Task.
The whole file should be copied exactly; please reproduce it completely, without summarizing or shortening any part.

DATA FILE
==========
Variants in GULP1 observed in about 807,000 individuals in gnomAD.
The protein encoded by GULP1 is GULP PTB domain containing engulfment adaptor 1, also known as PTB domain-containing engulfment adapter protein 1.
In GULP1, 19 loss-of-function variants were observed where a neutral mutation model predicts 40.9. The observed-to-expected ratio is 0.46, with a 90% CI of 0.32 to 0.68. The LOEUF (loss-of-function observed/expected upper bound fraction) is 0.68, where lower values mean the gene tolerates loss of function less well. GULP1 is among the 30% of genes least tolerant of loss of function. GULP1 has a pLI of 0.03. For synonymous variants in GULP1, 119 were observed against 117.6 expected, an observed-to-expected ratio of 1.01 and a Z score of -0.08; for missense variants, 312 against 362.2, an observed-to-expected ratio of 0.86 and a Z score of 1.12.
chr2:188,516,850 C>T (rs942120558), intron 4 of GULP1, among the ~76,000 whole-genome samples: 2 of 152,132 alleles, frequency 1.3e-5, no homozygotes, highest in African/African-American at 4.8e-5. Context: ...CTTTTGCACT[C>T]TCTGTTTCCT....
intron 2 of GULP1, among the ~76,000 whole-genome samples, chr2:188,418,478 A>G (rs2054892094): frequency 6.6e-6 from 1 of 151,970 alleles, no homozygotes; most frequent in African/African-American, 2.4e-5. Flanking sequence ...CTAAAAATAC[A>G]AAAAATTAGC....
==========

Variants in GULP1 observed in about 807,000 individuals in gnomAD.
The protein encoded by GULP1 is GULP PTB domain containing engulfment adaptor 1, also known as PTB domain-containing engulfment adapter protein 1.
In GULP1, 19 loss-of-function variants were observed where a neutral mutation model predicts 40.9. The observed-to-expected ratio is 0.46, with a 90% CI of 0.32 to 0.68. The LOEUF (loss-of-function observed/expected upper bound fraction) is 0.68, where lower values mean the gene tolerates loss of function less well. GULP1 is among the 30% of genes least tolerant of loss of function. GULP1 has a pLI of 0.03. For synonymous variants in GULP1, 119 were observed against 117.6 expected, an observed-to-expected ratio of 1.01 and a Z score of -0.08; for missense variants, 312 against 362.2, an observed-to-expected ratio of 0.86 and a Z score of 1.12.
chr2:188,516,850 C>T (rs942120558), intron 4 of GULP1, among the ~76,000 whole-genome samples: 2 of 152,132 alleles, frequency 1.3e-5, no homozygotes, highest in African/African-American at 4.8e-5. Context: ...CTTTTGCACT[C>T]TCTGTTTCCT....
intron 2 of GULP1, among the ~76,000 whole-genome samples, chr2:188,418,478 A>G (rs2054892094): frequency 6.6e-6 from 1 of 151,970 alleles, no homozygotes; most frequent in African/African-American, 2.4e-5. Flanking sequence ...CTAAAAATAC[A>G]AAAAATTAGC....